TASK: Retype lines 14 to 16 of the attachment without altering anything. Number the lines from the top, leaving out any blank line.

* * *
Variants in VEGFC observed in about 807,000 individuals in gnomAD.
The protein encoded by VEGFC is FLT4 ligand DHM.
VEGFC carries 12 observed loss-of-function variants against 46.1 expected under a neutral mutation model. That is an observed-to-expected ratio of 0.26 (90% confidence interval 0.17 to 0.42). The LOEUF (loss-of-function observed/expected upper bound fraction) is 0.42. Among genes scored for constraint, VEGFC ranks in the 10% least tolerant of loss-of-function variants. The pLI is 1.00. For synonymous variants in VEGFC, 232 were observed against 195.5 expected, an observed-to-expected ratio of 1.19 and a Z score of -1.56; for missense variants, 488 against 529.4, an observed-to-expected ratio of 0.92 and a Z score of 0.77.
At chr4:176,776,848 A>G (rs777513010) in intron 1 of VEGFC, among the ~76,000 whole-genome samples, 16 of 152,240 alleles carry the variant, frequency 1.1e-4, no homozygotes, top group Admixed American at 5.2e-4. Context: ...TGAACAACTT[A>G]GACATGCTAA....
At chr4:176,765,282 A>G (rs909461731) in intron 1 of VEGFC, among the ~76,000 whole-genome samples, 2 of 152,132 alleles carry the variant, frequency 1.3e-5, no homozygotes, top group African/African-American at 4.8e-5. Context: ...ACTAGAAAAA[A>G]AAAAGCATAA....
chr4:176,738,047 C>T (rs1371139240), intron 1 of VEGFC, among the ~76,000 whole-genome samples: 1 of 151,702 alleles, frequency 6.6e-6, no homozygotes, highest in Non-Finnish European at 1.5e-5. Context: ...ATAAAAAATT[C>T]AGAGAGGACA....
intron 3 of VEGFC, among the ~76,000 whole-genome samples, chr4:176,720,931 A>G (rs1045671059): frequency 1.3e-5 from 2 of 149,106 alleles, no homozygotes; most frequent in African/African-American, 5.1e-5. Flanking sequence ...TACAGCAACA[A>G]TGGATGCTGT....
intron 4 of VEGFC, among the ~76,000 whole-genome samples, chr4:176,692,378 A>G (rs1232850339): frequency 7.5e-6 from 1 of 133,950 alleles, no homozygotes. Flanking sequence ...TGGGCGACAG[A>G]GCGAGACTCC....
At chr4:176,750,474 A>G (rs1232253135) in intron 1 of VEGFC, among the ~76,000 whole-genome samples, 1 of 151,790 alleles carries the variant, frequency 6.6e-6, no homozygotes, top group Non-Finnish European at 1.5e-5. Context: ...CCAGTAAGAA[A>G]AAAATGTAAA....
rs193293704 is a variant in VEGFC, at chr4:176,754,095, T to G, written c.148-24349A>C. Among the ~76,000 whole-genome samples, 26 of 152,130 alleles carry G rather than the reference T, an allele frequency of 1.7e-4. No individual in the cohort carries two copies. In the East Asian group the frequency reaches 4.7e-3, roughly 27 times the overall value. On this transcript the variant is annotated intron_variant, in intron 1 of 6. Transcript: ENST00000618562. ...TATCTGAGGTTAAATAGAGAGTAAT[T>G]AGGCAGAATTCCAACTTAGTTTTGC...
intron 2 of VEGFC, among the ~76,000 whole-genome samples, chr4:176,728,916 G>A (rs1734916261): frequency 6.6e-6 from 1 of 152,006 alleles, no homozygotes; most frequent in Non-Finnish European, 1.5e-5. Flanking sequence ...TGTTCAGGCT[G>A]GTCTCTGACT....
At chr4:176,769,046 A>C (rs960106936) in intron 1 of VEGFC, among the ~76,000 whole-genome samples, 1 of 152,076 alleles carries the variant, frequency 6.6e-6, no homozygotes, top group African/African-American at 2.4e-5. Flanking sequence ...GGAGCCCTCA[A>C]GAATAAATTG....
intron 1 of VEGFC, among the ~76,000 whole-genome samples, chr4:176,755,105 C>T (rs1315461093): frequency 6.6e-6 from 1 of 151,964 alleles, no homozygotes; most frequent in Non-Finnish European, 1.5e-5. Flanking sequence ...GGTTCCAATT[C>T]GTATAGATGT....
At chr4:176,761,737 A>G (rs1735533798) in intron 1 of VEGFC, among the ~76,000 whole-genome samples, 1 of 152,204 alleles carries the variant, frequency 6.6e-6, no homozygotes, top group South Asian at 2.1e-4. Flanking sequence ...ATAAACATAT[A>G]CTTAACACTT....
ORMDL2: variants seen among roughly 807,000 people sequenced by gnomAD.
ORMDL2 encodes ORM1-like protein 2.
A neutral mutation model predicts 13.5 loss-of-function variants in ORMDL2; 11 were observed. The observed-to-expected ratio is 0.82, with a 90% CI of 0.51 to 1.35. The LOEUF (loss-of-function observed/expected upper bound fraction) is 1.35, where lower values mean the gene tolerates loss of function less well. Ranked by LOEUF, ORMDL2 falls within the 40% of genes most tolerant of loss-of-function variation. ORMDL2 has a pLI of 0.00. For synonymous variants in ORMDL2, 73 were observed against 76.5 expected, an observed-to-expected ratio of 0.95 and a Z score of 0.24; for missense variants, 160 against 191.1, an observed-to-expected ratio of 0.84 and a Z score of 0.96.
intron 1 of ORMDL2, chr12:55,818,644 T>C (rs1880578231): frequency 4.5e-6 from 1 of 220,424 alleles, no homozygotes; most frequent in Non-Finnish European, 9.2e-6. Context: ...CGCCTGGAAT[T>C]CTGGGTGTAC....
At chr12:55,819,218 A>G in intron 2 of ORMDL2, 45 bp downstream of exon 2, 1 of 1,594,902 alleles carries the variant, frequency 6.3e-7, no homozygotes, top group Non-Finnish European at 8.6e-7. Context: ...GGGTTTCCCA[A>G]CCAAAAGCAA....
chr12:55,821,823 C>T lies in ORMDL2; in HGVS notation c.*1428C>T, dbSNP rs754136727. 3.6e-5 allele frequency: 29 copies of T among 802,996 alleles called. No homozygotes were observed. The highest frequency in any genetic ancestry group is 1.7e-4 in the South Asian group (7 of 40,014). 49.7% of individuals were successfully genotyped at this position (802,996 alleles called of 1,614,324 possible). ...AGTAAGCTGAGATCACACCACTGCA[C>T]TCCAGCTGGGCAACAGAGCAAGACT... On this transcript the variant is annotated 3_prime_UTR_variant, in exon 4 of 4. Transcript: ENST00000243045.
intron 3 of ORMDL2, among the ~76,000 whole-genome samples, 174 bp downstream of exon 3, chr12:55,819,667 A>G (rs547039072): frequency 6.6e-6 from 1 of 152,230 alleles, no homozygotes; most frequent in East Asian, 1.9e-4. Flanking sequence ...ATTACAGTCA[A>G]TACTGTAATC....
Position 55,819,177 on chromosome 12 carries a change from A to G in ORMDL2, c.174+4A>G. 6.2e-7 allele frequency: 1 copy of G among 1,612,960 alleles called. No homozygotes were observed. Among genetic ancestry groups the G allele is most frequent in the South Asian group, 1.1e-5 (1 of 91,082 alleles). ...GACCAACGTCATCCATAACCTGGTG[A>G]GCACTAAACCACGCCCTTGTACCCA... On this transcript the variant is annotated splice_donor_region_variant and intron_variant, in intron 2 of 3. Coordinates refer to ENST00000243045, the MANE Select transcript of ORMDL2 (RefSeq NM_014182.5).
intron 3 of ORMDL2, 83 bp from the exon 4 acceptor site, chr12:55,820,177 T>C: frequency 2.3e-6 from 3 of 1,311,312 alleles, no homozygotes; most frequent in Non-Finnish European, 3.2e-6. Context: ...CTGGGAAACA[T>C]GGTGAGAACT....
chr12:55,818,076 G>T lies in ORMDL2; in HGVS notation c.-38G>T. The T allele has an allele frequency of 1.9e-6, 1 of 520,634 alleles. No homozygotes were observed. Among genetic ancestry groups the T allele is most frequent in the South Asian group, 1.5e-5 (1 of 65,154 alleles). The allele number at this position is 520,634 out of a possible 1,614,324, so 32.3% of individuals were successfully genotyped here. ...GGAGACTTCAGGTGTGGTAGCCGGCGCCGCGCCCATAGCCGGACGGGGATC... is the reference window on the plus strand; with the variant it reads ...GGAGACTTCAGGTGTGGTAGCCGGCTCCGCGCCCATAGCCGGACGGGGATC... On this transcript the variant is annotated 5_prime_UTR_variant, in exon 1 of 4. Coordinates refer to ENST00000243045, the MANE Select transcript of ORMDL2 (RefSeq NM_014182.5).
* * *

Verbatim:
At chr4:176,761,737 A>G (rs1735533798) in intron 1 of VEGFC, among the ~76,000 whole-genome samples, 1 of 152,204 alleles carries the variant, frequency 6.6e-6, no homozygotes, top group South Asian at 2.1e-4. Flanking sequence ...ATAAACATAT[A>G]CTTAACACTT....
ORMDL2: variants seen among roughly 807,000 people sequenced by gnomAD.
ORMDL2 encodes ORM1-like protein 2.